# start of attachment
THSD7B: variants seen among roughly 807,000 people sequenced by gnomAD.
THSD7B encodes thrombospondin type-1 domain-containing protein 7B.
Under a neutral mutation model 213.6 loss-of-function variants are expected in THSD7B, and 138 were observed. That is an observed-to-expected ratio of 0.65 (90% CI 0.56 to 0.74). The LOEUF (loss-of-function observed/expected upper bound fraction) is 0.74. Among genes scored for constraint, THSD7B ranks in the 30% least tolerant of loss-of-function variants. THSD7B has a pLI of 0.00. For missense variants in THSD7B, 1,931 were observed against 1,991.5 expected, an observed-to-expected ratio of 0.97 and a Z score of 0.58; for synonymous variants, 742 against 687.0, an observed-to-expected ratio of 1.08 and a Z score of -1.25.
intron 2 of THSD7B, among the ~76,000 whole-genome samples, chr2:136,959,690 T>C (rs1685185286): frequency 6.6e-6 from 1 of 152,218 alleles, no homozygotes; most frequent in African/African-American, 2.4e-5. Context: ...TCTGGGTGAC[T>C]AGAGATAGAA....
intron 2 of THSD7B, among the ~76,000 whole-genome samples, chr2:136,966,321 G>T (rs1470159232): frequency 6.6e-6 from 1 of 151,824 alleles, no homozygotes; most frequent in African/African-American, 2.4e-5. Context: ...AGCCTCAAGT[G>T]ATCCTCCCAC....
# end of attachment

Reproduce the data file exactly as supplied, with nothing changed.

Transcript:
THSD7B: variants seen among roughly 807,000 people sequenced by gnomAD.
THSD7B encodes thrombospondin type-1 domain-containing protein 7B.
Under a neutral mutation model 213.6 loss-of-function variants are expected in THSD7B, and 138 were observed. That is an observed-to-expected ratio of 0.65 (90% CI 0.56 to 0.74). The LOEUF (loss-of-function observed/expected upper bound fraction) is 0.74. Among genes scored for constraint, THSD7B ranks in the 30% least tolerant of loss-of-function variants. THSD7B has a pLI of 0.00. For missense variants in THSD7B, 1,931 were observed against 1,991.5 expected, an observed-to-expected ratio of 0.97 and a Z score of 0.58; for synonymous variants, 742 against 687.0, an observed-to-expected ratio of 1.08 and a Z score of -1.25.
intron 2 of THSD7B, among the ~76,000 whole-genome samples, chr2:136,959,690 T>C (rs1685185286): frequency 6.6e-6 from 1 of 152,218 alleles, no homozygotes; most frequent in African/African-American, 2.4e-5. Context: ...TCTGGGTGAC[T>C]AGAGATAGAA....
intron 2 of THSD7B, among the ~76,000 whole-genome samples, chr2:136,966,321 G>T (rs1470159232): frequency 6.6e-6 from 1 of 151,824 alleles, no homozygotes; most frequent in African/African-American, 2.4e-5. Context: ...AGCCTCAAGT[G>T]ATCCTCCCAC....